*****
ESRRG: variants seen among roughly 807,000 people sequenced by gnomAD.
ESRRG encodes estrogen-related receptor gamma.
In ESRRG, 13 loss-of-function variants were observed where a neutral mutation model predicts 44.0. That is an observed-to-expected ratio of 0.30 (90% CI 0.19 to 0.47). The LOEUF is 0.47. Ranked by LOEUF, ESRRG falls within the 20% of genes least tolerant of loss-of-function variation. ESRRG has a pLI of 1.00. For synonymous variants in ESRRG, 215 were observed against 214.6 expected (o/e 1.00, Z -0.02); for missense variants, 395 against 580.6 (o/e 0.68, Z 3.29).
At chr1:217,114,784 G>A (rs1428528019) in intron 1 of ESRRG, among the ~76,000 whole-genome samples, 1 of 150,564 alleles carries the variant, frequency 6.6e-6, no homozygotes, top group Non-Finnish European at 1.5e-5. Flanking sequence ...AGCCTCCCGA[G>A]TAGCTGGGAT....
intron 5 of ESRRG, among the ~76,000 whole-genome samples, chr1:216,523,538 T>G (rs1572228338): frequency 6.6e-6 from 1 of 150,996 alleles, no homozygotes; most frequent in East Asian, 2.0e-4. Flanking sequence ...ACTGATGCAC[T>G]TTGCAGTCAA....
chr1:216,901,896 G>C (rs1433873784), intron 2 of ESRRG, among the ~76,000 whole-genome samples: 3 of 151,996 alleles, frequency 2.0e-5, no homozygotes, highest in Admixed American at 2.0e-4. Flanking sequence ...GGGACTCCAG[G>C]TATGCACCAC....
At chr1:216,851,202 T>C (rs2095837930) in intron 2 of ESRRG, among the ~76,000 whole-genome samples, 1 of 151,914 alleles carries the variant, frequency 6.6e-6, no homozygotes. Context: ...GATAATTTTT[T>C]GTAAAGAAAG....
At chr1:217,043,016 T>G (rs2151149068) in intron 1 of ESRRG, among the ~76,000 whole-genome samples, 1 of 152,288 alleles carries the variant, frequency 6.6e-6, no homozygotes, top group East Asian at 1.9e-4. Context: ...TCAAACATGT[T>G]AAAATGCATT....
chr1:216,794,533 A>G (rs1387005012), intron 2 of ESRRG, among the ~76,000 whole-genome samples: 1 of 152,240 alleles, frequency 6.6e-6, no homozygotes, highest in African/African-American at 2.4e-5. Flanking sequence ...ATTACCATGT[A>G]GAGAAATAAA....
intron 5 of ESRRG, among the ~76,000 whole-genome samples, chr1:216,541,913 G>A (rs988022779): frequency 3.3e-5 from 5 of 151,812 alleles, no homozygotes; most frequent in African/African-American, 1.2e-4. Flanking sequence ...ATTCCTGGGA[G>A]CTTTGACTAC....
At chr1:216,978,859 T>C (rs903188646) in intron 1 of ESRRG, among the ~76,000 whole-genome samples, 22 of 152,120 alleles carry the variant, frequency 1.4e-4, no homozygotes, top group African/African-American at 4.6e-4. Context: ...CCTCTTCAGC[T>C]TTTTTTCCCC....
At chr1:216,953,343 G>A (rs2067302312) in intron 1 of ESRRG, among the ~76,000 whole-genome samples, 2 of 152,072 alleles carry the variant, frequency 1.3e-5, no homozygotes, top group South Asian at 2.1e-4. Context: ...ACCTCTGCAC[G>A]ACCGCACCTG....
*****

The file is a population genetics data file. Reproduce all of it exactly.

ESRRG: variants seen among roughly 807,000 people sequenced by gnomAD.
ESRRG encodes estrogen-related receptor gamma.
In ESRRG, 13 loss-of-function variants were observed where a neutral mutation model predicts 44.0. That is an observed-to-expected ratio of 0.30 (90% CI 0.19 to 0.47). The LOEUF is 0.47. Ranked by LOEUF, ESRRG falls within the 20% of genes least tolerant of loss-of-function variation. ESRRG has a pLI of 1.00. For synonymous variants in ESRRG, 215 were observed against 214.6 expected (o/e 1.00, Z -0.02); for missense variants, 395 against 580.6 (o/e 0.68, Z 3.29).
At chr1:217,114,784 G>A (rs1428528019) in intron 1 of ESRRG, among the ~76,000 whole-genome samples, 1 of 150,564 alleles carries the variant, frequency 6.6e-6, no homozygotes, top group Non-Finnish European at 1.5e-5. Flanking sequence ...AGCCTCCCGA[G>A]TAGCTGGGAT....
intron 5 of ESRRG, among the ~76,000 whole-genome samples, chr1:216,523,538 T>G (rs1572228338): frequency 6.6e-6 from 1 of 150,996 alleles, no homozygotes; most frequent in East Asian, 2.0e-4. Flanking sequence ...ACTGATGCAC[T>G]TTGCAGTCAA....
chr1:216,901,896 G>C (rs1433873784), intron 2 of ESRRG, among the ~76,000 whole-genome samples: 3 of 151,996 alleles, frequency 2.0e-5, no homozygotes, highest in Admixed American at 2.0e-4. Flanking sequence ...GGGACTCCAG[G>C]TATGCACCAC....
At chr1:216,851,202 T>C (rs2095837930) in intron 2 of ESRRG, among the ~76,000 whole-genome samples, 1 of 151,914 alleles carries the variant, frequency 6.6e-6, no homozygotes. Context: ...GATAATTTTT[T>C]GTAAAGAAAG....
At chr1:217,043,016 T>G (rs2151149068) in intron 1 of ESRRG, among the ~76,000 whole-genome samples, 1 of 152,288 alleles carries the variant, frequency 6.6e-6, no homozygotes, top group East Asian at 1.9e-4. Context: ...TCAAACATGT[T>G]AAAATGCATT....
chr1:216,794,533 A>G (rs1387005012), intron 2 of ESRRG, among the ~76,000 whole-genome samples: 1 of 152,240 alleles, frequency 6.6e-6, no homozygotes, highest in African/African-American at 2.4e-5. Flanking sequence ...ATTACCATGT[A>G]GAGAAATAAA....
intron 5 of ESRRG, among the ~76,000 whole-genome samples, chr1:216,541,913 G>A (rs988022779): frequency 3.3e-5 from 5 of 151,812 alleles, no homozygotes; most frequent in African/African-American, 1.2e-4. Flanking sequence ...ATTCCTGGGA[G>A]CTTTGACTAC....
At chr1:216,978,859 T>C (rs903188646) in intron 1 of ESRRG, among the ~76,000 whole-genome samples, 22 of 152,120 alleles carry the variant, frequency 1.4e-4, no homozygotes, top group African/African-American at 4.6e-4. Context: ...CCTCTTCAGC[T>C]TTTTTTCCCC....
At chr1:216,953,343 G>A (rs2067302312) in intron 1 of ESRRG, among the ~76,000 whole-genome samples, 2 of 152,072 alleles carry the variant, frequency 1.3e-5, no homozygotes, top group South Asian at 2.1e-4. Context: ...ACCTCTGCAC[G>A]ACCGCACCTG....